I think the most important thing I want to leave the commissioners with, in my opening presentation here, the utilities have primarily procured new resources, particularly on the clean energy front, under long-term contracts. That's what got us to the state of success that we're in today.
New CCA's, when they form, primarily sign short-term contracts for existing resources. And it takes many years for CCA's to be able to get new projects built. Marin started in 2010 and they look to have a pretty impressive portfolio coming online in the next couple of years. But that's actually quite a long number of years if we try to take that same increment of time and project out into the future. So the very immediate effect of migration to CCA is that we are trading long-term procurement of new resources by the utilities for short-term procurement of existing resources by CCAs. And if the utilities lose a significant chunk of their retail load, they will have no appetite for new resource procurement. You already hear it from them in pretty much every proceeding, they're not interested in signing up new contracts.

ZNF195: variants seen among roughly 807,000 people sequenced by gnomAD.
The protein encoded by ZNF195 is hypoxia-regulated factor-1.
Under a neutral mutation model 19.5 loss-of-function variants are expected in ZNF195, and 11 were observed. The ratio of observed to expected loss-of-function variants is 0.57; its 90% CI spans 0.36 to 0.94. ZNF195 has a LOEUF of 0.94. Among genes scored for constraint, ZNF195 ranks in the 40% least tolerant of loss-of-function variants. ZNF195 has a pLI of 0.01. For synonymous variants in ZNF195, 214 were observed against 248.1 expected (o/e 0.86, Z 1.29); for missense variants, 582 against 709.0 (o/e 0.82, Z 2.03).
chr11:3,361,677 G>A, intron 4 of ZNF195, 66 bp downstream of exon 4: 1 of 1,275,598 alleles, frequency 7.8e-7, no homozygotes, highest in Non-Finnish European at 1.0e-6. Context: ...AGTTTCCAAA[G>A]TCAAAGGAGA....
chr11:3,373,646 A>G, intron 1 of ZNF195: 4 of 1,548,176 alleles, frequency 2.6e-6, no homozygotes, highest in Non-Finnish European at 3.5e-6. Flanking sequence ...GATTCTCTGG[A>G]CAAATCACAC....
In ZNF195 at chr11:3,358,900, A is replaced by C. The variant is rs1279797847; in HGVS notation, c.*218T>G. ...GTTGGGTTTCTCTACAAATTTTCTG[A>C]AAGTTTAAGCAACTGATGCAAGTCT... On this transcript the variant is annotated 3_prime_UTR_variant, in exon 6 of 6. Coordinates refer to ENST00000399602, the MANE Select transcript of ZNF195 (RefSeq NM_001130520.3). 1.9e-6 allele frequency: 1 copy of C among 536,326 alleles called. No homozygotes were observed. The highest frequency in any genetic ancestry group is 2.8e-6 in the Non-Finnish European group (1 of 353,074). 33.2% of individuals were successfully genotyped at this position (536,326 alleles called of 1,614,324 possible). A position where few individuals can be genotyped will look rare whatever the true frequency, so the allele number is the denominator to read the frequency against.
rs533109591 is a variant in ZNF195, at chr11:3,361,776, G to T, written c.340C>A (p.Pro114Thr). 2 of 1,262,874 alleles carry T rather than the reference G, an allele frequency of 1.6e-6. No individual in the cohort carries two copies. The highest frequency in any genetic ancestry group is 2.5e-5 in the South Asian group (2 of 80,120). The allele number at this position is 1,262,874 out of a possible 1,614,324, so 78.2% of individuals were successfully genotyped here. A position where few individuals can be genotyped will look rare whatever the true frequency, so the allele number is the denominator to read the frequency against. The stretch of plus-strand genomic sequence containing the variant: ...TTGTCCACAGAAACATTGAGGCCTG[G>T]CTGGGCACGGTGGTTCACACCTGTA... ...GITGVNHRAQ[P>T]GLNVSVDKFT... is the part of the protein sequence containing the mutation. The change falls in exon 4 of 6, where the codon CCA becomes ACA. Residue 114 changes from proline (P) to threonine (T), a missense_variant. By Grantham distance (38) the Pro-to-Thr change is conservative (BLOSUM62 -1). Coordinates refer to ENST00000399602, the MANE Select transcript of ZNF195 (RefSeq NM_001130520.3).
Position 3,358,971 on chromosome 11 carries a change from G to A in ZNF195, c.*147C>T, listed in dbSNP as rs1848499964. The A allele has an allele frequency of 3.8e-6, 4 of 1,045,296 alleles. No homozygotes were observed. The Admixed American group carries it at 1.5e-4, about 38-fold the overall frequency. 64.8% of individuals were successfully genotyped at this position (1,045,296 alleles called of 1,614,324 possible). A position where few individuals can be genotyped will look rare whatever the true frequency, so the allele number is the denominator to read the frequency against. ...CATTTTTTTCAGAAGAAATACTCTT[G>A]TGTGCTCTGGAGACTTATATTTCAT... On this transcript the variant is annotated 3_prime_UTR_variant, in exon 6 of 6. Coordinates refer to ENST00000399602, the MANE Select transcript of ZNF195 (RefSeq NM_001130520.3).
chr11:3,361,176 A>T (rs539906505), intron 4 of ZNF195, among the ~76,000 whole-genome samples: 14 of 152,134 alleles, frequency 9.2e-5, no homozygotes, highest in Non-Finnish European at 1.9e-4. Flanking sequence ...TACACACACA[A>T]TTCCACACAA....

And so, we need the CCAs and the direct access providers to pick up the slack by developing new resources, otherwise, we are facing literally a valley of death for new resource procurement. The pipeline is going to run dry, it already is running dry. And this raises critical questions for this commission and how it conducts its oversight of the CCAs and the DA providers because they need to do heavy lifting to meet state goals. Everyone is going to need to sign long-term contracts, get new resources built. No one is going to be able to get a free pass on this. Because if they rely too heavily on existing resources, then we end up back where we started from which is a supply crunch down the line with higher prices.